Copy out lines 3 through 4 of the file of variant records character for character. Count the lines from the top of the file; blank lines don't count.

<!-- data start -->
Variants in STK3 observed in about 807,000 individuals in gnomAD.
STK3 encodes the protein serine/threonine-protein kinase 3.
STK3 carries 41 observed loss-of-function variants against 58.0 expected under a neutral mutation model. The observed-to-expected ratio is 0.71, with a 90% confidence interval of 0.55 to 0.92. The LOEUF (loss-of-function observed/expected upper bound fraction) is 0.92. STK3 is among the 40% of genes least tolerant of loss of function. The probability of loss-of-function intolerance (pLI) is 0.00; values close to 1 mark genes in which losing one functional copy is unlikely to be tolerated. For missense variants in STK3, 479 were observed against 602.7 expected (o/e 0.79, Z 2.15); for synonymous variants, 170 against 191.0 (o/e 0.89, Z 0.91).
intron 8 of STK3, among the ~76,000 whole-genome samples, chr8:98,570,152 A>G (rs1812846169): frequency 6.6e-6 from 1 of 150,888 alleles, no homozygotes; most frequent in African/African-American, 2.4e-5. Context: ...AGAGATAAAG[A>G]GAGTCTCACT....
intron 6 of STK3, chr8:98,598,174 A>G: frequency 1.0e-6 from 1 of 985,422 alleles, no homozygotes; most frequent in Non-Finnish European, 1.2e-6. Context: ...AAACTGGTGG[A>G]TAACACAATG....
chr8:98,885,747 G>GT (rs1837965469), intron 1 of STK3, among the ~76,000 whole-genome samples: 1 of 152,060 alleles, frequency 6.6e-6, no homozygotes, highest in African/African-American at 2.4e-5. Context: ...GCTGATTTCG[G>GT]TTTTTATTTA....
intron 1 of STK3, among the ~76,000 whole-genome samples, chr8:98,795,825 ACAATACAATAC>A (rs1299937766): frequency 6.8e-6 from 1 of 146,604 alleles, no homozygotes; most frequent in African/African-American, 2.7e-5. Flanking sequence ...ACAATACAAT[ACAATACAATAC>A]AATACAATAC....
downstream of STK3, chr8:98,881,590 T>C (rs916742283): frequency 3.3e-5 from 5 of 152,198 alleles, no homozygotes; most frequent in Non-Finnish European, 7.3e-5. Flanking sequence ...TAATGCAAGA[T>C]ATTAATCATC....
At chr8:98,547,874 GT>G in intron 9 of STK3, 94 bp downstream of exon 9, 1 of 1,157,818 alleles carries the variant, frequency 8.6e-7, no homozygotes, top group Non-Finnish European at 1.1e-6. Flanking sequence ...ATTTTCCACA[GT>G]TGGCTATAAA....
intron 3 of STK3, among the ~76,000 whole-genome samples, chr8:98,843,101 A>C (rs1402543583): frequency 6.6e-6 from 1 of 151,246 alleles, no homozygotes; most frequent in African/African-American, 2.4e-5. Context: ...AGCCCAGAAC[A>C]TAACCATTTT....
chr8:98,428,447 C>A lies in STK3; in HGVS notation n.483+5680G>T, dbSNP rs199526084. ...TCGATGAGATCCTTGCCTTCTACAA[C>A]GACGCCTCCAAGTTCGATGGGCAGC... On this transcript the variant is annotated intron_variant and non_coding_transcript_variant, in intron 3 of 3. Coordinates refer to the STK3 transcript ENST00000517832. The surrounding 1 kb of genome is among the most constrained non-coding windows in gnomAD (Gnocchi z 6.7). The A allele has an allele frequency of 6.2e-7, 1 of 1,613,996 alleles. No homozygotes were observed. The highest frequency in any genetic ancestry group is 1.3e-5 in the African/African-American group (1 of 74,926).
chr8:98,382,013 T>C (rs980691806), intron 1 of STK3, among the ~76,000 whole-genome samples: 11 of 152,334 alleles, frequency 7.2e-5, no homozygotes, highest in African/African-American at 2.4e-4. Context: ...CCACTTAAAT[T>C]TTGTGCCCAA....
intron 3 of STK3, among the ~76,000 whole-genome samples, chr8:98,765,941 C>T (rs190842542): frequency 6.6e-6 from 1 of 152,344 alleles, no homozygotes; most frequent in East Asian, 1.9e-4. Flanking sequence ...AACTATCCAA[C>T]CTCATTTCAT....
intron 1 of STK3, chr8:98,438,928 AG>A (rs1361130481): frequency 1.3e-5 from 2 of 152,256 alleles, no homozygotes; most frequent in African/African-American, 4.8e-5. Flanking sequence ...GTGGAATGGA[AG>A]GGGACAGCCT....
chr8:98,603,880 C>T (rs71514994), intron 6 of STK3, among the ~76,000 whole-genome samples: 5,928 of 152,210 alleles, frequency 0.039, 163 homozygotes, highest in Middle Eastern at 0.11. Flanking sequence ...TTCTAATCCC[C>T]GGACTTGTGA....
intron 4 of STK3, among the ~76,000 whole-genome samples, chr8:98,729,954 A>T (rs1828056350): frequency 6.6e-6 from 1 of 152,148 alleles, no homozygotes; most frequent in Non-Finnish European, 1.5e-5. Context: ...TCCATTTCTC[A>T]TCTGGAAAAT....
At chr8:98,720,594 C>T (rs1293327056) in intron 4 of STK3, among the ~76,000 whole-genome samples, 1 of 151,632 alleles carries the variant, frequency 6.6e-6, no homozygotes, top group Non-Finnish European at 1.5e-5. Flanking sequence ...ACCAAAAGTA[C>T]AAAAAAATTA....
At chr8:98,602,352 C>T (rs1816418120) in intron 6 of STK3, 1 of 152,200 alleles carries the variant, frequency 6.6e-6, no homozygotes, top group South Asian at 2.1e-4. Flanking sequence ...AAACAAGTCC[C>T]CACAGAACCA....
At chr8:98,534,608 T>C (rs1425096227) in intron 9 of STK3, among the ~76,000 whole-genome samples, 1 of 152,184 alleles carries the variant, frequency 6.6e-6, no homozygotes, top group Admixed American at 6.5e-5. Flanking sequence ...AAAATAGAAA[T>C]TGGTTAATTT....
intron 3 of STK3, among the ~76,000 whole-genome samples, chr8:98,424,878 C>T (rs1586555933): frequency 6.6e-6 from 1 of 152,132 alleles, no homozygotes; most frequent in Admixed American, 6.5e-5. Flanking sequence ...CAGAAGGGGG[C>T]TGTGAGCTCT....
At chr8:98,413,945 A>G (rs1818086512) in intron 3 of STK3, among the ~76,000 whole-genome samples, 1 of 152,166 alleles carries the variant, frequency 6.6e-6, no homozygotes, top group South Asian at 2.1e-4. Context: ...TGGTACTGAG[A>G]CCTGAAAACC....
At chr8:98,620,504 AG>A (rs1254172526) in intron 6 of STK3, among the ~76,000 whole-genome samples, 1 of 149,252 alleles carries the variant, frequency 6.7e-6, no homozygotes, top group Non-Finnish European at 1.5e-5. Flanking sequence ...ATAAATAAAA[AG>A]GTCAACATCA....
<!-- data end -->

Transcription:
STK3 carries 41 observed loss-of-function variants against 58.0 expected under a neutral mutation model. The observed-to-expected ratio is 0.71, with a 90% confidence interval of 0.55 to 0.92. The LOEUF (loss-of-function observed/expected upper bound fraction) is 0.92. STK3 is among the 40% of genes least tolerant of loss of function. The probability of loss-of-function intolerance (pLI) is 0.00; values close to 1 mark genes in which losing one functional copy is unlikely to be tolerated. For missense variants in STK3, 479 were observed against 602.7 expected (o/e 0.79, Z 2.15); for synonymous variants, 170 against 191.0 (o/e 0.89, Z 0.91).
intron 8 of STK3, among the ~76,000 whole-genome samples, chr8:98,570,152 A>G (rs1812846169): frequency 6.6e-6 from 1 of 150,888 alleles, no homozygotes; most frequent in African/African-American, 2.4e-5. Context: ...AGAGATAAAG[A>G]GAGTCTCACT....